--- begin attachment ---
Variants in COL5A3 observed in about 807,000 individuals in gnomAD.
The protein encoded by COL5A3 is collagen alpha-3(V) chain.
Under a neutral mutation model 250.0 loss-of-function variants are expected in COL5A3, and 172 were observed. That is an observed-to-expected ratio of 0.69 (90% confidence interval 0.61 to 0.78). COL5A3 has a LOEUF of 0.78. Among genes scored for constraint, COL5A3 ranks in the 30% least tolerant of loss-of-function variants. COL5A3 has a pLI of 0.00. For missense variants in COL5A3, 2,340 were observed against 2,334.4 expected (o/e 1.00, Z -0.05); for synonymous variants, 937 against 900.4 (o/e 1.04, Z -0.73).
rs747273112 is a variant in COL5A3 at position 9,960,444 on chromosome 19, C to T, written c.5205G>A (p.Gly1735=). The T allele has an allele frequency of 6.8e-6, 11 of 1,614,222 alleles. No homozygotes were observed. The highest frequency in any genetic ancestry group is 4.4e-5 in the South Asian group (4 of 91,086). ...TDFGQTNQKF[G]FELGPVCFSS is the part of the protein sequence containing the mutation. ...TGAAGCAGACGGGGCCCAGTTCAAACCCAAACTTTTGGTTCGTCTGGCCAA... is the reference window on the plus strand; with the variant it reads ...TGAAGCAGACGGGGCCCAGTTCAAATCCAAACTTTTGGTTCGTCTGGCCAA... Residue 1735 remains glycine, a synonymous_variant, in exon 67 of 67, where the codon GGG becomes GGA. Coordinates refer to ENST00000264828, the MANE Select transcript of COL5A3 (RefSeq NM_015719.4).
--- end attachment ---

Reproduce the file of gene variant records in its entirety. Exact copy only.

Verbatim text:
Variants in COL5A3 observed in about 807,000 individuals in gnomAD.
The protein encoded by COL5A3 is collagen alpha-3(V) chain.
Under a neutral mutation model 250.0 loss-of-function variants are expected in COL5A3, and 172 were observed. That is an observed-to-expected ratio of 0.69 (90% confidence interval 0.61 to 0.78). COL5A3 has a LOEUF of 0.78. Among genes scored for constraint, COL5A3 ranks in the 30% least tolerant of loss-of-function variants. COL5A3 has a pLI of 0.00. For missense variants in COL5A3, 2,340 were observed against 2,334.4 expected (o/e 1.00, Z -0.05); for synonymous variants, 937 against 900.4 (o/e 1.04, Z -0.73).
rs747273112 is a variant in COL5A3 at position 9,960,444 on chromosome 19, C to T, written c.5205G>A (p.Gly1735=). The T allele has an allele frequency of 6.8e-6, 11 of 1,614,222 alleles. No homozygotes were observed. The highest frequency in any genetic ancestry group is 4.4e-5 in the South Asian group (4 of 91,086). ...TDFGQTNQKF[G]FELGPVCFSS is the part of the protein sequence containing the mutation. ...TGAAGCAGACGGGGCCCAGTTCAAACCCAAACTTTTGGTTCGTCTGGCCAA... is the reference window on the plus strand; with the variant it reads ...TGAAGCAGACGGGGCCCAGTTCAAATCCAAACTTTTGGTTCGTCTGGCCAA... Residue 1735 remains glycine, a synonymous_variant, in exon 67 of 67, where the codon GGG becomes GGA. Coordinates refer to ENST00000264828, the MANE Select transcript of COL5A3 (RefSeq NM_015719.4).